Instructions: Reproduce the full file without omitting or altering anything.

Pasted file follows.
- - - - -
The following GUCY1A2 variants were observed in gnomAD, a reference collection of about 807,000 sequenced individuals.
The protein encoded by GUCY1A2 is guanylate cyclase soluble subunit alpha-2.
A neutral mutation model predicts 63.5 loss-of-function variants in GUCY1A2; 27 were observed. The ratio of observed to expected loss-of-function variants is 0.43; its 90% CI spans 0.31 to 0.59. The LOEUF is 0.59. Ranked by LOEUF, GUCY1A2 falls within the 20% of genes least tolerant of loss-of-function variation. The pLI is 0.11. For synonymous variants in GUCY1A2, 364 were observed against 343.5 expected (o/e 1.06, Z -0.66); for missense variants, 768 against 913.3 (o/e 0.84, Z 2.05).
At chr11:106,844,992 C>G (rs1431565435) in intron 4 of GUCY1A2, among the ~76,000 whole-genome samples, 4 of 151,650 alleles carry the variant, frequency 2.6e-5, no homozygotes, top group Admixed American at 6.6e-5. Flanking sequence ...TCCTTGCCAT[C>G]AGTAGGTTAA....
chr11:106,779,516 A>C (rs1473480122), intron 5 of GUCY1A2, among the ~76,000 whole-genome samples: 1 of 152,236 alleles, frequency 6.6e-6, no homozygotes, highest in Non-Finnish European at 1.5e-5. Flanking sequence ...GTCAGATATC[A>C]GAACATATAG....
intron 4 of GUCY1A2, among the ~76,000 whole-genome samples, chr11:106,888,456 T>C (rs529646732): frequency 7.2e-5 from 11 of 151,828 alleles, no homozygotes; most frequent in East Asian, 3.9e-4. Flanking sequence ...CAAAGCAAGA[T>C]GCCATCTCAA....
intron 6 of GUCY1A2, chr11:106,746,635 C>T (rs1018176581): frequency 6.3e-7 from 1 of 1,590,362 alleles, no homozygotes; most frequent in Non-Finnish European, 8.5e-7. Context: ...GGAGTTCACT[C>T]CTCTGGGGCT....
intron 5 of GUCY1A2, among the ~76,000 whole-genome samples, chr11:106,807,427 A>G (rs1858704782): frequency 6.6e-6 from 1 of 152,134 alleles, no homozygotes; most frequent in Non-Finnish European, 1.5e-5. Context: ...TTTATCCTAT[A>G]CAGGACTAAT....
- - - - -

The following GUCY1A2 variants were observed in gnomAD, a reference collection of about 807,000 sequenced individuals.
The protein encoded by GUCY1A2 is guanylate cyclase soluble subunit alpha-2.
A neutral mutation model predicts 63.5 loss-of-function variants in GUCY1A2; 27 were observed. The ratio of observed to expected loss-of-function variants is 0.43; its 90% CI spans 0.31 to 0.59. The LOEUF is 0.59. Ranked by LOEUF, GUCY1A2 falls within the 20% of genes least tolerant of loss-of-function variation. The pLI is 0.11. For synonymous variants in GUCY1A2, 364 were observed against 343.5 expected (o/e 1.06, Z -0.66); for missense variants, 768 against 913.3 (o/e 0.84, Z 2.05).
At chr11:106,844,992 C>G (rs1431565435) in intron 4 of GUCY1A2, among the ~76,000 whole-genome samples, 4 of 151,650 alleles carry the variant, frequency 2.6e-5, no homozygotes, top group Admixed American at 6.6e-5. Flanking sequence ...TCCTTGCCAT[C>G]AGTAGGTTAA....
chr11:106,779,516 A>C (rs1473480122), intron 5 of GUCY1A2, among the ~76,000 whole-genome samples: 1 of 152,236 alleles, frequency 6.6e-6, no homozygotes, highest in Non-Finnish European at 1.5e-5. Flanking sequence ...GTCAGATATC[A>C]GAACATATAG....
intron 4 of GUCY1A2, among the ~76,000 whole-genome samples, chr11:106,888,456 T>C (rs529646732): frequency 7.2e-5 from 11 of 151,828 alleles, no homozygotes; most frequent in East Asian, 3.9e-4. Flanking sequence ...CAAAGCAAGA[T>C]GCCATCTCAA....
intron 6 of GUCY1A2, chr11:106,746,635 C>T (rs1018176581): frequency 6.3e-7 from 1 of 1,590,362 alleles, no homozygotes; most frequent in Non-Finnish European, 8.5e-7. Context: ...GGAGTTCACT[C>T]CTCTGGGGCT....
intron 5 of GUCY1A2, among the ~76,000 whole-genome samples, chr11:106,807,427 A>G (rs1858704782): frequency 6.6e-6 from 1 of 152,134 alleles, no homozygotes; most frequent in Non-Finnish European, 1.5e-5. Context: ...TTTATCCTAT[A>G]CAGGACTAAT....